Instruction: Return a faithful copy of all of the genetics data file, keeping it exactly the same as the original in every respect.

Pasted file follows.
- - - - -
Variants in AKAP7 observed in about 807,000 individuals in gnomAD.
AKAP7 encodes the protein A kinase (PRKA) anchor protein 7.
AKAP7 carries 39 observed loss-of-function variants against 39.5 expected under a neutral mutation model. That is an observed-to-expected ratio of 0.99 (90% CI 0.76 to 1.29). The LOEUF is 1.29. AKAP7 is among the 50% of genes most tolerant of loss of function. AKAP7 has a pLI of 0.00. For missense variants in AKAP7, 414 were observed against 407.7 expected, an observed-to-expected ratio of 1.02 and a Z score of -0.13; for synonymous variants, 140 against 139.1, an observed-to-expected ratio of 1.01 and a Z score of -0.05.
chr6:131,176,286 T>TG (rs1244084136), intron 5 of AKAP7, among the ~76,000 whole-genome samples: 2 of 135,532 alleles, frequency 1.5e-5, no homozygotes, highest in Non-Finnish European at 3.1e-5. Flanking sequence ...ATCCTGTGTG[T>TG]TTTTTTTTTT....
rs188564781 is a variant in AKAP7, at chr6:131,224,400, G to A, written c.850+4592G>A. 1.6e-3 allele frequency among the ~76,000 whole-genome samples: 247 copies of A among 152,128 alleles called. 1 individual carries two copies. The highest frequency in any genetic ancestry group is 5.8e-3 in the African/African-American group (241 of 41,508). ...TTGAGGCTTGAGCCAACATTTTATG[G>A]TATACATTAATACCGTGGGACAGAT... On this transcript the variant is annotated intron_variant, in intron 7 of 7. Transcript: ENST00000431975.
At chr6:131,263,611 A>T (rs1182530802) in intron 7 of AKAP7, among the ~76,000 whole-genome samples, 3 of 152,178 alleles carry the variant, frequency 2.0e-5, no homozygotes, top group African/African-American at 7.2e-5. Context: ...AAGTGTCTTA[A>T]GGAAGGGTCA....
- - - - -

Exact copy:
Variants in AKAP7 observed in about 807,000 individuals in gnomAD.
AKAP7 encodes the protein A kinase (PRKA) anchor protein 7.
AKAP7 carries 39 observed loss-of-function variants against 39.5 expected under a neutral mutation model. That is an observed-to-expected ratio of 0.99 (90% CI 0.76 to 1.29). The LOEUF is 1.29. AKAP7 is among the 50% of genes most tolerant of loss of function. AKAP7 has a pLI of 0.00. For missense variants in AKAP7, 414 were observed against 407.7 expected, an observed-to-expected ratio of 1.02 and a Z score of -0.13; for synonymous variants, 140 against 139.1, an observed-to-expected ratio of 1.01 and a Z score of -0.05.
chr6:131,176,286 T>TG (rs1244084136), intron 5 of AKAP7, among the ~76,000 whole-genome samples: 2 of 135,532 alleles, frequency 1.5e-5, no homozygotes, highest in Non-Finnish European at 3.1e-5. Flanking sequence ...ATCCTGTGTG[T>TG]TTTTTTTTTT....
rs188564781 is a variant in AKAP7, at chr6:131,224,400, G to A, written c.850+4592G>A. 1.6e-3 allele frequency among the ~76,000 whole-genome samples: 247 copies of A among 152,128 alleles called. 1 individual carries two copies. The highest frequency in any genetic ancestry group is 5.8e-3 in the African/African-American group (241 of 41,508). ...TTGAGGCTTGAGCCAACATTTTATG[G>A]TATACATTAATACCGTGGGACAGAT... On this transcript the variant is annotated intron_variant, in intron 7 of 7. Transcript: ENST00000431975.
At chr6:131,263,611 A>T (rs1182530802) in intron 7 of AKAP7, among the ~76,000 whole-genome samples, 3 of 152,178 alleles carry the variant, frequency 2.0e-5, no homozygotes, top group African/African-American at 7.2e-5. Context: ...AAGTGTCTTA[A>T]GGAAGGGTCA....